Refreshingly, the layout allows visual pacing to replace the clutter of endless, but usually necessary, “she said”s, or “he paused”s. Rapid repartee is indicated by single line spacing, silence by blank paper. As in life, the characters’ thoughts often stray absurdly far from what they’re actually saying, but occasionally manage to synch up completely.

Marche has self-consciously produced not just a novel, but an artisanal loaf as well; a reminder, in the continuously dawning age of the ebook, of the homespun glories of the traditional press. It’s safe to say that this was done in a celebratory rather than reactionary, or maudlin spirit. Marche has previously signalled that he’s no Luddite by producing an interactive novel for the Web, Lucy Hardin’s Missing Period, in which the reader determines outcomes by clicking on a series of links.

Yet Love and the Mess We’re In sometimes seems to butt up against the limits of its typographical aspirations. A section describing Viv and Clive’s apartment in Buenos Aires, for example, uses blocks of text to indicate the layout and proportion of the various rooms: the description of the courtyard is printed on the diagonal, the closet is represented by two tiny lines in italic, the type representing the balcony is set at right angles to the living room. This feels, in truth, not so very different from a poem about Christmas written in the shape of a Christmas tree; it can be done, yes, but should it?

Elsewhere, wavy lines of text representing rain (one archly declares that “Novelists should never try to describe the weather”) produce the awkward kerning pairs that are the frequent byproduct of digital type-on-path tools. Moveable type is only so moveable, as many of the authors who have flocked to the graphic novel in recent years have no doubt concluded. Marche’s rectilinear chunks of wrapped text can bring to mind an 18-wheeler spinning donuts in a parking lot, or a Clydesdale urged through a steeplechase course.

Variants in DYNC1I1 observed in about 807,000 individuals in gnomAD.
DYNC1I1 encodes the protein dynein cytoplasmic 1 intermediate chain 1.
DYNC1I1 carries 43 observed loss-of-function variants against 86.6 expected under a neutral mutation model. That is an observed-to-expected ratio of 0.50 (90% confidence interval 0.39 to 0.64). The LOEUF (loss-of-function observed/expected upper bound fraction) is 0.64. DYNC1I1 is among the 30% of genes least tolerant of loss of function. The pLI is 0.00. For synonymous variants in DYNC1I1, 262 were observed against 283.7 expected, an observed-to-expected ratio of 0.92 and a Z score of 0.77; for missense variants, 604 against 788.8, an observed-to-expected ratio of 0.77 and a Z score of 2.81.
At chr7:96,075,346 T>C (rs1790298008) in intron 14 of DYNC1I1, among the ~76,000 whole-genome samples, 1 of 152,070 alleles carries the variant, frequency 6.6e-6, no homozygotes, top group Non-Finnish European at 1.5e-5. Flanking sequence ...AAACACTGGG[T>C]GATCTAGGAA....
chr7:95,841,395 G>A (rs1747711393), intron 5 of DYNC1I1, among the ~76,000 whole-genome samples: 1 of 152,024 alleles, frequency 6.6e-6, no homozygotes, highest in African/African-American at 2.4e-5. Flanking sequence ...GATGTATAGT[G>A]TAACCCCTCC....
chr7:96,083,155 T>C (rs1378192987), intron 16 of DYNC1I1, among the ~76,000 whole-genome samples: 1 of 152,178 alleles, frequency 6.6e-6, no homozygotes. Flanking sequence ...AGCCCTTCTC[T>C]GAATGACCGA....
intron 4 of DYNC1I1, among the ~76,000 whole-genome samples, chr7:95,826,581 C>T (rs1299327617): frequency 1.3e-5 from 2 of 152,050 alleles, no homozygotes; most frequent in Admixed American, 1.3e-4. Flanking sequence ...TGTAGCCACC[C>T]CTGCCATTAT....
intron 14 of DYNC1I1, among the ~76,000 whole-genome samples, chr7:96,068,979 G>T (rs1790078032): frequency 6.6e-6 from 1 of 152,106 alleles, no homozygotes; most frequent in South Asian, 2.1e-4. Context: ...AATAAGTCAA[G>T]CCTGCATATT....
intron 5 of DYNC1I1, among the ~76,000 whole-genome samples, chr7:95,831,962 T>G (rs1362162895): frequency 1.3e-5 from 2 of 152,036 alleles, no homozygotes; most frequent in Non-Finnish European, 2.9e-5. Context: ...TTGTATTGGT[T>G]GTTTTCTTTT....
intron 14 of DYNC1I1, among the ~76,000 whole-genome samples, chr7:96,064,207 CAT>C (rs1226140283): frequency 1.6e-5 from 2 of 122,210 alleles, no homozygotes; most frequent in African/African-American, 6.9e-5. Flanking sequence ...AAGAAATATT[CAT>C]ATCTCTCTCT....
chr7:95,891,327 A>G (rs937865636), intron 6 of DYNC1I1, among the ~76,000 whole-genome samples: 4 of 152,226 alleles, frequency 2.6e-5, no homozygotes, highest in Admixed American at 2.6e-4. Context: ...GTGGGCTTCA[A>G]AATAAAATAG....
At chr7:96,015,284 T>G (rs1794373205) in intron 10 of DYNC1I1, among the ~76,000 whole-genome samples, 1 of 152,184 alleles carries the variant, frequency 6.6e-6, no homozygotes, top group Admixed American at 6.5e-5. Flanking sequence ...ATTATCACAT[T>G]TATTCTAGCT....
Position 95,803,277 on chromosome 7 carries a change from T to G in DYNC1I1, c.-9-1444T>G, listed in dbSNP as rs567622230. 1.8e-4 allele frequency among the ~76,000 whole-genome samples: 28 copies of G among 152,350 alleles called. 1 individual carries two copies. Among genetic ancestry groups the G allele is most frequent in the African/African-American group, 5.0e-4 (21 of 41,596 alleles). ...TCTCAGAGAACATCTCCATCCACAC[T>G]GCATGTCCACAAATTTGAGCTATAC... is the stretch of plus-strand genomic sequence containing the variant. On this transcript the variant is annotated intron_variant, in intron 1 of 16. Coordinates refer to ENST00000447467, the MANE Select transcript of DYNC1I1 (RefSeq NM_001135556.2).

Marche creates another problem, story-wise, by tying the novel’s emotional arc to Clive and Viv’s hand-wringing over their supposed betrayal of Tim. Even before the official transgression, we’re told that “..their hidden crimes [are] begging to be stripped from them.” The word “adultery” is ominously conjured on a number of occasions, both in Clive and Viv’s private thoughts and in conversation. At one point, a page resembling a papal bull trumpets the word in bold neo-gothic type. But who, other than a divorce lawyer, actually uses this term in everyday life? More to the point, as Tim himself speculates, “Is it even possible to cheat on someone who’s insane?” A love triangle, by necessity, needs more than two sides.

Marche is a bold writer who’s not afraid to wander off the beaten path, which is a good thing. Generally speaking though, the more strenuously he exerts himself, the more inert the writing feels. The best parts of Love and the Mess We’re In, to my mind, are the ones where he allows more idiomatic prose and humour to seep in.

For all its flouting of narratorial convention, the novel ends with a disarmingly anodyne message of hope and renewal. Despite Clive and Viv’s festering guilt about Tim—“the sword between them in their bed and the shibboleth on their joining tongues”—spring has arrived in Brooklyn and the couple’s sights are now squarely set on the future represented by their child. A heady night of undercooked steak and tropical fruit has yielded, wouldn’t you know it, the scent of daffodils and the redemptive possibility of a wide-eyed, suckling babe.

(from the Spring 2013 issue)